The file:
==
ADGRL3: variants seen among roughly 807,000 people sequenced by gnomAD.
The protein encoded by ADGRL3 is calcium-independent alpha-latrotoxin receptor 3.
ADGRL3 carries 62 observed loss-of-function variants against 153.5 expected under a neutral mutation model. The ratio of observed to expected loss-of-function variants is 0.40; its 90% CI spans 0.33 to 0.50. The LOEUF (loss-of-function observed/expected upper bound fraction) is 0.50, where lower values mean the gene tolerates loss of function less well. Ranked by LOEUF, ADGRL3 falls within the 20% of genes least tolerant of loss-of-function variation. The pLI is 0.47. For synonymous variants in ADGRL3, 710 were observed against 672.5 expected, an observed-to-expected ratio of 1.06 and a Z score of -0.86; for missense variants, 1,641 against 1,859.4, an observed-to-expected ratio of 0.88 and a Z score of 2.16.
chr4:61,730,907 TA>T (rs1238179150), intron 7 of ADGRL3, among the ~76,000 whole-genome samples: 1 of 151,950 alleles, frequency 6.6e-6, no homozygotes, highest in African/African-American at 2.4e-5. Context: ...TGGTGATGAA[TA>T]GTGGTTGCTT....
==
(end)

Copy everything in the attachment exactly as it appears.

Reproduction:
ADGRL3: variants seen among roughly 807,000 people sequenced by gnomAD.
The protein encoded by ADGRL3 is calcium-independent alpha-latrotoxin receptor 3.
ADGRL3 carries 62 observed loss-of-function variants against 153.5 expected under a neutral mutation model. The ratio of observed to expected loss-of-function variants is 0.40; its 90% CI spans 0.33 to 0.50. The LOEUF (loss-of-function observed/expected upper bound fraction) is 0.50, where lower values mean the gene tolerates loss of function less well. Ranked by LOEUF, ADGRL3 falls within the 20% of genes least tolerant of loss-of-function variation. The pLI is 0.47. For synonymous variants in ADGRL3, 710 were observed against 672.5 expected, an observed-to-expected ratio of 1.06 and a Z score of -0.86; for missense variants, 1,641 against 1,859.4, an observed-to-expected ratio of 0.88 and a Z score of 2.16.
chr4:61,730,907 TA>T (rs1238179150), intron 7 of ADGRL3, among the ~76,000 whole-genome samples: 1 of 151,950 alleles, frequency 6.6e-6, no homozygotes, highest in African/African-American at 2.4e-5. Context: ...TGGTGATGAA[TA>T]GTGGTTGCTT....